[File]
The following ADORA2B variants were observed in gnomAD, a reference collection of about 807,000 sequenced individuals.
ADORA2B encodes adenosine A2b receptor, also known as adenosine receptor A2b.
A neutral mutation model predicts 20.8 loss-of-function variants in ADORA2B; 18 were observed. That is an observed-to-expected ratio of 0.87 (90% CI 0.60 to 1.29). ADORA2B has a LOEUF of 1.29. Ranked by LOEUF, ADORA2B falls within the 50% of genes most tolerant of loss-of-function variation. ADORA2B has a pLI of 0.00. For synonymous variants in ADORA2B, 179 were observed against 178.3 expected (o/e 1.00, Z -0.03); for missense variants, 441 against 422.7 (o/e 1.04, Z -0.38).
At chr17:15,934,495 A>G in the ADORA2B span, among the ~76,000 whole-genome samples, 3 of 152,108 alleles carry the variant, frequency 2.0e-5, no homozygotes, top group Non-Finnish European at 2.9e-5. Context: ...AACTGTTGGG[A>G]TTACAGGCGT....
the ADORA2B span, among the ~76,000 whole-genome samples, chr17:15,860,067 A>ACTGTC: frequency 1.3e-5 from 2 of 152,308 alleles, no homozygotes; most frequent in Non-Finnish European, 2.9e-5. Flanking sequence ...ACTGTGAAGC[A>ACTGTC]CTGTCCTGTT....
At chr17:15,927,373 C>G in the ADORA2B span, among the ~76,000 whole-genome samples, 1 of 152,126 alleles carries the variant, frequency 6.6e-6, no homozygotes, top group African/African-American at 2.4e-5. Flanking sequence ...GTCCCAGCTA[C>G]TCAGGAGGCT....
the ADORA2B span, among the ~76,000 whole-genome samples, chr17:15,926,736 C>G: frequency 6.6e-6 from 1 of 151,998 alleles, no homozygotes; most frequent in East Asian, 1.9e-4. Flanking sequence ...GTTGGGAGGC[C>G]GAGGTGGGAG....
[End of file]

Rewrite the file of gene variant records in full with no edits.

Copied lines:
The following ADORA2B variants were observed in gnomAD, a reference collection of about 807,000 sequenced individuals.
ADORA2B encodes adenosine A2b receptor, also known as adenosine receptor A2b.
A neutral mutation model predicts 20.8 loss-of-function variants in ADORA2B; 18 were observed. That is an observed-to-expected ratio of 0.87 (90% CI 0.60 to 1.29). ADORA2B has a LOEUF of 1.29. Ranked by LOEUF, ADORA2B falls within the 50% of genes most tolerant of loss-of-function variation. ADORA2B has a pLI of 0.00. For synonymous variants in ADORA2B, 179 were observed against 178.3 expected (o/e 1.00, Z -0.03); for missense variants, 441 against 422.7 (o/e 1.04, Z -0.38).
At chr17:15,934,495 A>G in the ADORA2B span, among the ~76,000 whole-genome samples, 3 of 152,108 alleles carry the variant, frequency 2.0e-5, no homozygotes, top group Non-Finnish European at 2.9e-5. Context: ...AACTGTTGGG[A>G]TTACAGGCGT....
the ADORA2B span, among the ~76,000 whole-genome samples, chr17:15,860,067 A>ACTGTC: frequency 1.3e-5 from 2 of 152,308 alleles, no homozygotes; most frequent in Non-Finnish European, 2.9e-5. Flanking sequence ...ACTGTGAAGC[A>ACTGTC]CTGTCCTGTT....
At chr17:15,927,373 C>G in the ADORA2B span, among the ~76,000 whole-genome samples, 1 of 152,126 alleles carries the variant, frequency 6.6e-6, no homozygotes, top group African/African-American at 2.4e-5. Flanking sequence ...GTCCCAGCTA[C>G]TCAGGAGGCT....
the ADORA2B span, among the ~76,000 whole-genome samples, chr17:15,926,736 C>G: frequency 6.6e-6 from 1 of 151,998 alleles, no homozygotes; most frequent in East Asian, 1.9e-4. Flanking sequence ...GTTGGGAGGC[C>G]GAGGTGGGAG....